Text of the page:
CLARK v. HAWKINSAnnotate this Case
CLARK v. HAWKINS
1958 OK 20
321 P.2d 648
Case Number: 37571
Supreme Court of Oklahoma
ROBERT E. CLARK, PLAINTIFF IN ERROR,
JUANITA JEAN HAWKINS, DEFENDANT IN ERROR.
Syllabus by the Court
¶0 1. The driving of an automobile on the wrong side of the road, in violation of the statutory rules of the road, is prima facia evidence of negligence, and casts upon such party the burden of overcoming the presumption and showing that the violation is excusable under the circumstances existing at the time of such negligence is alleged to have occurred.
2. On a demurrer to the evidence, all evidence that is favorable to the demurring party is withdrawn from the consideration of the court, and remaining testimony with all reasonable inferences that may be drawn therefrom, should be considered by the court in determining the sufficiency of the evidence to withstand the demurrer.
Appeal from the District Court of Tulsa County; Leslie Webb, Judge.
Action for damages for personal injuries arising from an automobile accident in which the court sustained a demurrer to plaintiff's evidence and plaintiff appeals. Reversed.
Houston, Klein & Davidson and Edward L. Jacoby, Tulsa, for plaintiff in error.
Amos Nichols, Truman B. Rucker, B.W. Tabor and Joseph A. Sharp, Tulsa, for defendant in error.
¶1 This action was brought by Robert E. Clark, hereinafter referred to as plaintiff, against Juanita Jean Hawkins, hereinafter referred to as defendant, to recover damages for personal injuries alleged to have been sustained by plaintiff while riding as a guest passenger in defendant's automobile. The cause was tried to a jury and at the close of plaintiff's evidence the court sustained a demurrer to the evidence and instructed the jury to return a verdict for the defendant. Plaintiff has appealed from such action of the court and the only question presented by such appeal is whether the trial court was correct in sustaining the demurrer to plaintiff's evidence and instructing the verdict for defendant. In order to determine this question it is necessary to review the evidence offered by plaintiff.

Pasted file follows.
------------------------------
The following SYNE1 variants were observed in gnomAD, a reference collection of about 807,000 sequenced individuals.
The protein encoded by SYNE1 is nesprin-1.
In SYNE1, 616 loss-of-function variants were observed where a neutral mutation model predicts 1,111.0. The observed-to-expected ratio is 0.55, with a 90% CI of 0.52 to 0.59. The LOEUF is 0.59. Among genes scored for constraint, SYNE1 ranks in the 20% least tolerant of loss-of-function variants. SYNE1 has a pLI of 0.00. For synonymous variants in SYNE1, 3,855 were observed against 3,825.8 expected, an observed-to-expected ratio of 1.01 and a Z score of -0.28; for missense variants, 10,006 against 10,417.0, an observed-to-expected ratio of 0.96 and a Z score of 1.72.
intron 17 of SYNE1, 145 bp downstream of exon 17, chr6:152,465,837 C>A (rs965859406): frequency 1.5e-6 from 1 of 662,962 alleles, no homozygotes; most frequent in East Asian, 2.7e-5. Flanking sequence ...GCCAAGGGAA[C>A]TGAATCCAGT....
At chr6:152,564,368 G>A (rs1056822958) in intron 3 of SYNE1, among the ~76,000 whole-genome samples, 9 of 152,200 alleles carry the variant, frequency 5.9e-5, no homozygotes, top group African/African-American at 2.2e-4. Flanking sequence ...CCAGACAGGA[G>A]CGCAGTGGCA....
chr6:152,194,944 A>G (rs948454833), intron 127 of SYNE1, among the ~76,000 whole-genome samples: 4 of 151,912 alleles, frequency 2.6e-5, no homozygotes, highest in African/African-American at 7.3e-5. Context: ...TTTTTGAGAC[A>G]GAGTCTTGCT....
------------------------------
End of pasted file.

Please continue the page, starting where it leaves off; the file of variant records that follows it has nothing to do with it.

¶2 The evidence discloses that on the afternoon of December 10, 1955, plaintiff was a guest passenger in an automobile driven by the defendant. While such automobile was passing over the Delaware Creek bridge on State Highway No. 11, a short distance north of the City of Tulsa, it crossed over the center line of said highway and collided with an oncoming vehicle. As a result of such collision, plaintiff received injuries for which damages are sought.
¶3 In addition to the medical testimony relative to the extent of plaintiff's injury and a stipulation relative to a complaint filed against defendant for reckless driving, plaintiff's evidence consisted of the testimony of three witnesses, namely, the plaintiff, a highway patrolman and the defendant. Plaintiff's testimony went to the facts above referred to, and he further testified that prior to the collision in question there had been nothing about defendant's manner of driving that had caused plaintiff any concern or alarm; that he heard defendant say "her car had slid or something, she had hit her brakes and slid over the line"; that the collision happened so fast that he couldn't say how it happened.
¶4 The highway patrolman testified that he investigated the accident soon after it happened, and that from his observations based on skid marks and location of debris, the collision occurred approximately five feet south of the south edge of the bridge and five feet east of the center of the road; that the bridge was icy and slick; that on the information of this witness a complaint for reckless driving was filed against the defendant.
¶5 It was stipulated that defendant had entered a plea of guilty to such complaint and paid a fine in the amount of $25. Such stipulation was made with the understanding that defendant did not waive her objection to the competency of the same, and with the understanding "that it doesn't prove negligence on the part of defendant."